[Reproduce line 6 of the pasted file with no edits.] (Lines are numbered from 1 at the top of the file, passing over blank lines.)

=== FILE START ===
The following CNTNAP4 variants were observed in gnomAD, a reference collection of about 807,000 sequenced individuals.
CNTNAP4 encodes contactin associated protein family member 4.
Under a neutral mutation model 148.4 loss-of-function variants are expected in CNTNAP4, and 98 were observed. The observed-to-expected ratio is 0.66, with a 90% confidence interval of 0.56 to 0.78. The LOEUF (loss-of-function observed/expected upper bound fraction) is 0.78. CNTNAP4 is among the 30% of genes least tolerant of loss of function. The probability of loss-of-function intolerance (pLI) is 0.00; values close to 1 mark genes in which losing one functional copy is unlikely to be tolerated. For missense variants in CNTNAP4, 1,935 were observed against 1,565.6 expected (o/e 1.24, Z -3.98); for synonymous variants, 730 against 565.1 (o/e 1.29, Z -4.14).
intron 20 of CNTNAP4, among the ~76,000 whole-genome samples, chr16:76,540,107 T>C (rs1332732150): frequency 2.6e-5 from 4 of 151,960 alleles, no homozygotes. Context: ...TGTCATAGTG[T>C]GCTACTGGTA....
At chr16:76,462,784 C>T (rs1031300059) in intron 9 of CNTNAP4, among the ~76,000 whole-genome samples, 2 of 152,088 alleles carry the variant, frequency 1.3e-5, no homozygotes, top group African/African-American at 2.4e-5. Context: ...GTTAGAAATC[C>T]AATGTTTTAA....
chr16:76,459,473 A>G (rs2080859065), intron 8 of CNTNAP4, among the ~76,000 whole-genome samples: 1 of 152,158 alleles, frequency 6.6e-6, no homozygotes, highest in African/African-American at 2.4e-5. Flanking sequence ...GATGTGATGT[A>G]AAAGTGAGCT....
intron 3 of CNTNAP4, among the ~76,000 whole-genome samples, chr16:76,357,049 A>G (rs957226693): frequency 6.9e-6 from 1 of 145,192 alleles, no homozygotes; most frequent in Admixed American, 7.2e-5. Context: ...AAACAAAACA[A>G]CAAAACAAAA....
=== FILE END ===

chr16:76,459,473 A>G (rs2080859065), intron 8 of CNTNAP4, among the ~76,000 whole-genome samples: 1 of 152,158 alleles, frequency 6.6e-6, no homozygotes, highest in African/African-American at 2.4e-5. Flanking sequence ...GATGTGATGT[A>G]AAAGTGAGCT....